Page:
The Suntory Museum recently acquired the twenty volumes of Tsurezuregusa handscrolls by Kaiho Yusetsu for its collection. For Tsurezure-e, artists usually painted several scenes, having selected popular episodes from the Essays in Idleness or episodes that readily lent themselves to depiction. The Kaiho Yusetsu Tsurezuregusa handscrolls are particularly valuable because they illustrate the book in its entirety, and both the text and the pictures are complete.
Many commentaries have attempted to devise methods of reading Essays in Idleness by dividing the book into short passages. The set of 244 episodes into which it is now conventionally divided is the work of Kitamura Kigin, poet, actor and classical scholar. He produced the 244-episode division of the Tsurezuregusa Mondansho, which was published in 1667.
Since the subdivision of the Tsurezuregusa handscrolls by Kaiho Yusetsu nearly matches that in the Tsurezuregusa Mondansho, scholars have long assumed that these scrolls date from after 1667. It has since been confirmed, however, that the division of episodes in scrolls correlates with not only in the 1645 edition of Essays in Idleness but also in the one published in the the Kan'ei era (1624-45). Thus, it is possible that the handscrolls were created probably before 1667. That dating makes these hand scrolls even more valuable as examples of work predating the Nagusamigusa (1652), a mixture of pictures and commentary long regarded as the earliest pictorial representation of Essays in Idleness.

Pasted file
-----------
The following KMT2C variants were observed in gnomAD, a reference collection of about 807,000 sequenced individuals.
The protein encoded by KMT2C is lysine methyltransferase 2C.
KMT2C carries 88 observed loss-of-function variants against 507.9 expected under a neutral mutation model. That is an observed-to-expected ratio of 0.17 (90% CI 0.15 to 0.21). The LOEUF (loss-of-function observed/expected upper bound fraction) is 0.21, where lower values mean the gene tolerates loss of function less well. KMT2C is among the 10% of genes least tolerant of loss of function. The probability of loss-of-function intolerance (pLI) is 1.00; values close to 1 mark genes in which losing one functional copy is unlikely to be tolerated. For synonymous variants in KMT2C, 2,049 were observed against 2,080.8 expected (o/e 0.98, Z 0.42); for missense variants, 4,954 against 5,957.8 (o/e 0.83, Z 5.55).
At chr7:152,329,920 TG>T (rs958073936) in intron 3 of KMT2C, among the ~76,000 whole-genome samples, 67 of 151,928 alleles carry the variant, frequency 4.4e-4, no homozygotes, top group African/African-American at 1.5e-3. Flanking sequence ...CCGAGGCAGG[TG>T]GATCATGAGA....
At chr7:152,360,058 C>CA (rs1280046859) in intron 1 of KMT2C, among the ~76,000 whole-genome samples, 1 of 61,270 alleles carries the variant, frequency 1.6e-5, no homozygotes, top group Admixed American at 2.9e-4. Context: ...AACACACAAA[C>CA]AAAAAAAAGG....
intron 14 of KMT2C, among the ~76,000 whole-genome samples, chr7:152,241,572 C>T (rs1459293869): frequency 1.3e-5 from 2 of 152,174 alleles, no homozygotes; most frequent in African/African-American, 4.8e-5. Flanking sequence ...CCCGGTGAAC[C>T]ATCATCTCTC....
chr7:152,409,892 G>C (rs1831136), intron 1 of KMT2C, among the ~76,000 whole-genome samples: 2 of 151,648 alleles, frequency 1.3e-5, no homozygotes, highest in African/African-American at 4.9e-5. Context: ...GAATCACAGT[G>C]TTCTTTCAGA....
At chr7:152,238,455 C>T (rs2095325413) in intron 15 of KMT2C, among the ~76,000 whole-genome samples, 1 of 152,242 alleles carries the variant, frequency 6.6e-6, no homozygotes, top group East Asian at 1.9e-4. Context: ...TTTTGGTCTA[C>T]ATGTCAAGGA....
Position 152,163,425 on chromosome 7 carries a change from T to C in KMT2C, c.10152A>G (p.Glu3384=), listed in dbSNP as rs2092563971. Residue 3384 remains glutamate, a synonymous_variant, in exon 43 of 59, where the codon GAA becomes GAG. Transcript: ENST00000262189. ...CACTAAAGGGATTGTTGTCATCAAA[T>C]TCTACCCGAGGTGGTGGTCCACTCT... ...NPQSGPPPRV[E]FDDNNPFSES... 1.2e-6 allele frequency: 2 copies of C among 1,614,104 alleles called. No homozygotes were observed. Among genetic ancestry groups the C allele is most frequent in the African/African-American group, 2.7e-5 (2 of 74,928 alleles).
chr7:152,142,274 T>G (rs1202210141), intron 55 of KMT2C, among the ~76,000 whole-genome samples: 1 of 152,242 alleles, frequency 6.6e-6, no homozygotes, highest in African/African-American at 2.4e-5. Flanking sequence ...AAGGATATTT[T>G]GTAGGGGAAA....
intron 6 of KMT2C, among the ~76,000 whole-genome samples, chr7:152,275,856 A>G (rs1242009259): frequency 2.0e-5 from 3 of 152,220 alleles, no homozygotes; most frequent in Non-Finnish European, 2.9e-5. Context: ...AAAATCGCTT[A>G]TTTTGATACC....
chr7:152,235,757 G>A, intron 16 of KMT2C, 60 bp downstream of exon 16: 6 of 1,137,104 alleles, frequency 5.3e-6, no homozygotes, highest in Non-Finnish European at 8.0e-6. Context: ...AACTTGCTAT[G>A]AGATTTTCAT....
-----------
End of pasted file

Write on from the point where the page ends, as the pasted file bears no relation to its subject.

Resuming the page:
This section marks the first public display of the newly acquired handscrolls and offers a must-see experience of famous scenes from Essays in Idleness.
The Works of Kaiho Yusetsu and the Tsurezuregusa Handscrolls
Kaiho Yusetsu (1598-1677), who painted the twenty-volume Tsurezuregusa hand scrolls, was the son of Kaiho Yusho (1533-1615), a leading Momoyama-period painter. Yusetsu, who was only eighteen when his father died, went through a period of hardship when he earned a living as a commercial artist operating an eya, a shop that produced and sold a variety of painted goods to order, because the Kaiho School his father had founded still lacked the broad-based support necessary for stability as a school of painters.
Then Kasuga-no-Tsubone (1579-1643), who had served as wet nurse to Tokugawa Iemitsu, the third shogun, recommended Yusetsu to the shogun to repay the kindness his father, Yusho, had shown her, and Yusetsu found himself in the position of a salaried artist in the service of Iemitsu.
Yusetsu made use of his experience of producing diverse works to order at the eya to develop a wide repertoire including paintings of famous places (meisho-e), paintings of the origin or history of temples or shrines (engi-e), Buddhist paintings, and large paintings to decorate walls, screens or sliding doors (kinpeki shoheiga), which were created using strong mineral pigments applied over gold backgrounds. This section introduces Yusetsu’s oeuvre through a wide range of examples of styles and themes, exploring the nature of the artist who created the twenty volumes of the Tsurezuregusa handscrolls.